Dodgers romp against Red Sox to end skid at four games

Dino Ebel, A.J. Pollock
The Dodgers’ A.J. Pollock is congratulated by third base coach Dino Ebel after hitting a solo home run in the seventh inning Saturday at Fenway Park.
(Michael Dwyer / Associated Press)

The best left-handed pitcher east of the Mississippi since the start of the decade walked off the mound Saturday with his head down. Boos from the home crowd initially rained before a merciful chorus of applause and cheers drowned them out. There were two out in the fifth inning at Fenway Park, and the Boston Red Sox ace’s outing was over.

The Dodgers’ recent offensive slump, which propelled their four-game losing streak, had been pronounced against left-handed pitching. Snapping out of it so emphatically against Chris Sale (3-9), even as he wades through a relatively disappointing season, seemed improbable. But the Dodgers knocked Sale around in an 11-2 win to halt their skid.

“It’s a matter of time,” Dodgers manager Dave Roberts said. “We’re too good.”

Fair or not, this weekend’s series — along with every other one against premier American League competition this season, including next month’s encounter with the New York Yankees — was slated for use as fodder to measure the Dodgers’ standing among the elite. Yes, they have been, by far, the best team in the National League, and four-game, midseason blips are not sufficient sample sizes. But the consensus is the AL features more top-tier clubs. Boston’s convincing five-game triumph over the Dodgers in the World Series in October only stoked the widespread opinion.


“I think it’s fun to debate and to see a team that you don’t see very often,” Roberts said before the game. “And, obviously, that’s a team that we lost to in the World Series. But we know the talent that we have, and if there is an opportunity to go through Boston or New York down the road, I don’t think that we’re too concerned about that right now.”

The Dodgers, Roberts added, just needed to win against anybody from any league. They hadn’t won a game since the Fourth of July. They began their march to a victory Saturday immediately with Ross Stripling on the mound.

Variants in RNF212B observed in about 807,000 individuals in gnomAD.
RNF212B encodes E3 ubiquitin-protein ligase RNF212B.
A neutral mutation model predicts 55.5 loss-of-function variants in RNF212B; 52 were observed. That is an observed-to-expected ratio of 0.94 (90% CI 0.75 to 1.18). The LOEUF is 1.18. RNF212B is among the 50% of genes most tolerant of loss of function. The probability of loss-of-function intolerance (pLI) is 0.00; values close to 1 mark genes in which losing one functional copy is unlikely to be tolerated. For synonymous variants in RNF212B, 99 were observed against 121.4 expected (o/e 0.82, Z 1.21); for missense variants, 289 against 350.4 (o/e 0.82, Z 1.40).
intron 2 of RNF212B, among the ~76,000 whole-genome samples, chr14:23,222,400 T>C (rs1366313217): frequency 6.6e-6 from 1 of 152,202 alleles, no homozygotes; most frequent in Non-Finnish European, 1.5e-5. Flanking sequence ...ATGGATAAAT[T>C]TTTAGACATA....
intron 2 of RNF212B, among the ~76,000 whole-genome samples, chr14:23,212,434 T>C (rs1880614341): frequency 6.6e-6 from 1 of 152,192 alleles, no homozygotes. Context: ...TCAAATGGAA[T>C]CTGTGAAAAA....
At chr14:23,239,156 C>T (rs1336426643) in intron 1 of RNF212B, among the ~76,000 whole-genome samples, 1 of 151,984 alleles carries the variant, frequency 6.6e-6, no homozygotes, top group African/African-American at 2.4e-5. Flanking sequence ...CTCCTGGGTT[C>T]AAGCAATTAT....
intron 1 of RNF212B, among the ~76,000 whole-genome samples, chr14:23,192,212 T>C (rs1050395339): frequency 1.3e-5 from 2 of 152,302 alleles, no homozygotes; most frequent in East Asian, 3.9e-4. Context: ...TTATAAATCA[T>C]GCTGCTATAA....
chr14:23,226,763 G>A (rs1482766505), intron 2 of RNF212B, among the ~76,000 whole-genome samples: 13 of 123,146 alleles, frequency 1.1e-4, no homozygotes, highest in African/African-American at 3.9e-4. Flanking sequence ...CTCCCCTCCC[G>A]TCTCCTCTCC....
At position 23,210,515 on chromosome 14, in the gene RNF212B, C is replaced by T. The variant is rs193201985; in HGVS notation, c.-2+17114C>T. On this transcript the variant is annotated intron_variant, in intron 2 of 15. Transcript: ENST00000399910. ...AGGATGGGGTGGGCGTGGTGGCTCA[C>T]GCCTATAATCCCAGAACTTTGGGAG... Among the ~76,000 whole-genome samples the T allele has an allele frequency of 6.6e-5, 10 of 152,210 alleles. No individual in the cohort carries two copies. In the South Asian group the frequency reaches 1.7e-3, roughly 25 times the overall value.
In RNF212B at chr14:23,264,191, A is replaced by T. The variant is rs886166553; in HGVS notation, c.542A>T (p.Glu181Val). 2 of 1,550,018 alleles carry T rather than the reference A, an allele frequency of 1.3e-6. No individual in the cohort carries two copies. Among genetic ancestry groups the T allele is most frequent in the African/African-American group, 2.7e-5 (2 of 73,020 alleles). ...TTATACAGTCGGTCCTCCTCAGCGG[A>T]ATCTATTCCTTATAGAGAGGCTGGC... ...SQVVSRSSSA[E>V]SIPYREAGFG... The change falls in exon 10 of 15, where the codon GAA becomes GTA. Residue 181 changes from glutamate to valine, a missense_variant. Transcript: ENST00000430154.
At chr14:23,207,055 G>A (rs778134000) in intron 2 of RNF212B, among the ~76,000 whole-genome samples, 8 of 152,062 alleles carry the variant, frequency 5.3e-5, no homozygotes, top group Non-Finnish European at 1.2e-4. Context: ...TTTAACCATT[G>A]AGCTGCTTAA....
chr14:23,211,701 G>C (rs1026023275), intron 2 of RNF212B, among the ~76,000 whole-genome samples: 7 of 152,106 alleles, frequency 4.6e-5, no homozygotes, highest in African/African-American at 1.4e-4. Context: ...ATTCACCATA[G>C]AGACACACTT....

The right-hander recorded his best outing since returning to the starting rotation last month, allowing one run, striking out seven and walking none over five innings against an offense averaging eight runs per game over the last two weeks. The only costly mistake he made was the fastball Xander Bogaerts drove over the Green Monster in the fourth inning.

“I felt like I threw the ball well the last few starts and just didn’t have much to show for it,” Stripling said. “I definitely had kind of everything firing today and felt like, with the mix, I was able to keep them off balance a bit.”


Ross Stripling
Dodgers right-hander Ross Stripling gave up one run in five innings to pick up the victory Saturday.
(Michael Dwyer / Associated Press)

Joe Kelly relieved Stripling (4-3) in the sixth inning to make his first appearance against his former club since signing with the Dodgers. He ignited a familiar blaze — this one was sparked by two hits, a walk, an error, a 99-mph wild pitch and a couple of broken bats — but extinguished it with a strikeout of Christian Vazquez on a 3-and-2 fastball to strand two runners and limit the Red Sox to one run. Julio Urias recorded two perfect innings before JT Chargois secured the final outs to give Los Angeles its first win at this New England relic since June 2004, ending a seven-game losing streak.

Justin Turner, Cody Bellinger, A.J. Pollock and Max Muncy each supplied a solo home run. Turner slugged his homer off Sale in the third inning. Bellinger and Pollock went back-to-back against Steven Wright in the Dodgers’ four-run seventh.

Bellinger, celebrating his 24th birthday, hit a 433-foot blast for his 31st this season. Pollock, playing in his second game since coming off the injured list, hit his just over the Green Monster, his first homer since April 17. Muncy’s missile to straightaway center field capped off the scoring in the ninth inning as the Dodgers tallied their first double-digit scoring output outside of Denver’s thin air since May 26.

But it was Bellinger’s two-out infield hit in the first inning, Roberts insisted, that changed the game’s trajectory. The combination of speed and hustle brought Pollock to the plate with two runners on base. He lined an RBI single to initiate the scoring.

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“What he can do, capability-wise, and then the effort, is something that obviously feeds throughout our clubhouse,” Roberts said of Bellinger.

The Dodgers completed their work against Sale in the fifth. Enrique Hernandez singled and Austin Barnes was hit by a pitch to begin the inning. Two batters later, Turner smacked a line drive down the left-field line to score Hernandez. David Freese followed with another double to drive in two more.


Sale got Bellinger to fly out before he was removed. He surrendered the five runs on seven hits and threw 92 pitches across 4 2/3 innings. It was his shortest outing since April 9 and the first time the Dodgers chased a starting pitcher before he logged five innings since July 2. The Red Sox, grasping for answers, would use six relievers, emptying out their bullpen without success to combat an offense that again resembled the relentless machine that has terrorized pitchers for much of the season.

Twitter: @jorgecastillo

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